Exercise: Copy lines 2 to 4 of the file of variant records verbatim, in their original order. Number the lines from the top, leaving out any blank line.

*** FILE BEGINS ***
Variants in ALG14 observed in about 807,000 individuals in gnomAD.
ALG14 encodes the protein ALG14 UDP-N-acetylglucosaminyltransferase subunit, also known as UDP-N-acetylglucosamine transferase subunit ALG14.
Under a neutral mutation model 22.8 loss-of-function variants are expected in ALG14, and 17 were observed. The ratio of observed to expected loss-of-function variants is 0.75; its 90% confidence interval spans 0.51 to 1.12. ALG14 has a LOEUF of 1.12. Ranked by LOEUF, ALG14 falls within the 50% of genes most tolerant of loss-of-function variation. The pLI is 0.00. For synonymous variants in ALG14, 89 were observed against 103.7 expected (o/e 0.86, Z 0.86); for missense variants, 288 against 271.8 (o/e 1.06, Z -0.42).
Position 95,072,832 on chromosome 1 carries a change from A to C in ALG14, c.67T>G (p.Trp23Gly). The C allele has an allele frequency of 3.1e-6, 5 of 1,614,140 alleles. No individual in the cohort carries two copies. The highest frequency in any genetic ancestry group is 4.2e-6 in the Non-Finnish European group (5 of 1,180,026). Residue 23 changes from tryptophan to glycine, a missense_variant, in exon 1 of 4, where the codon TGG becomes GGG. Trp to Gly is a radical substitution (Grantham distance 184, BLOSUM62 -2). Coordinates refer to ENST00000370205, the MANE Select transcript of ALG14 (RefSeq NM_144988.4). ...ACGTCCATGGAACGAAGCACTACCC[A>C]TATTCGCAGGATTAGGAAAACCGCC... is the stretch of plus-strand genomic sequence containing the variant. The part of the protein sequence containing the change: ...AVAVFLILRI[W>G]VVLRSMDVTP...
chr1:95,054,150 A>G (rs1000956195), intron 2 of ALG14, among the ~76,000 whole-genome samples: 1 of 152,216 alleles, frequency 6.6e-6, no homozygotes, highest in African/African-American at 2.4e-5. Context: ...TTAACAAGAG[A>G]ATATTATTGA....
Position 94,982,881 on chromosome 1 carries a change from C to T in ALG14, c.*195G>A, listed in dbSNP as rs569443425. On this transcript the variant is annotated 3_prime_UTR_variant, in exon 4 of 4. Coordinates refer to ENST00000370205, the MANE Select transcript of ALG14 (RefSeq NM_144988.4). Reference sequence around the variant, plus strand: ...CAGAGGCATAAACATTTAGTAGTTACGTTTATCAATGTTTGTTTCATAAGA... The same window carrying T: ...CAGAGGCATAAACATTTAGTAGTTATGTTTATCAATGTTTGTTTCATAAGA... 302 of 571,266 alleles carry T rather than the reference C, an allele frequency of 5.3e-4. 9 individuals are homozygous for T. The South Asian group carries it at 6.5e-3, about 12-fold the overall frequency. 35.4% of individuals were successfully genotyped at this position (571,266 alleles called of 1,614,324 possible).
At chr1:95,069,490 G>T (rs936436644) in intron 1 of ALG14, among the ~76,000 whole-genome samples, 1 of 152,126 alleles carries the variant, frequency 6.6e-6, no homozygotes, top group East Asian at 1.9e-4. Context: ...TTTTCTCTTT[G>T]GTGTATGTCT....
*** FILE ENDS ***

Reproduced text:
ALG14 encodes the protein ALG14 UDP-N-acetylglucosaminyltransferase subunit, also known as UDP-N-acetylglucosamine transferase subunit ALG14.
Under a neutral mutation model 22.8 loss-of-function variants are expected in ALG14, and 17 were observed. The ratio of observed to expected loss-of-function variants is 0.75; its 90% confidence interval spans 0.51 to 1.12. ALG14 has a LOEUF of 1.12. Ranked by LOEUF, ALG14 falls within the 50% of genes most tolerant of loss-of-function variation. The pLI is 0.00. For synonymous variants in ALG14, 89 were observed against 103.7 expected (o/e 0.86, Z 0.86); for missense variants, 288 against 271.8 (o/e 1.06, Z -0.42).
Position 95,072,832 on chromosome 1 carries a change from A to C in ALG14, c.67T>G (p.Trp23Gly). The C allele has an allele frequency of 3.1e-6, 5 of 1,614,140 alleles. No individual in the cohort carries two copies. The highest frequency in any genetic ancestry group is 4.2e-6 in the Non-Finnish European group (5 of 1,180,026). Residue 23 changes from tryptophan to glycine, a missense_variant, in exon 1 of 4, where the codon TGG becomes GGG. Trp to Gly is a radical substitution (Grantham distance 184, BLOSUM62 -2). Coordinates refer to ENST00000370205, the MANE Select transcript of ALG14 (RefSeq NM_144988.4). ...ACGTCCATGGAACGAAGCACTACCC[A>C]TATTCGCAGGATTAGGAAAACCGCC... is the stretch of plus-strand genomic sequence containing the variant. The part of the protein sequence containing the change: ...AVAVFLILRI[W>G]VVLRSMDVTP...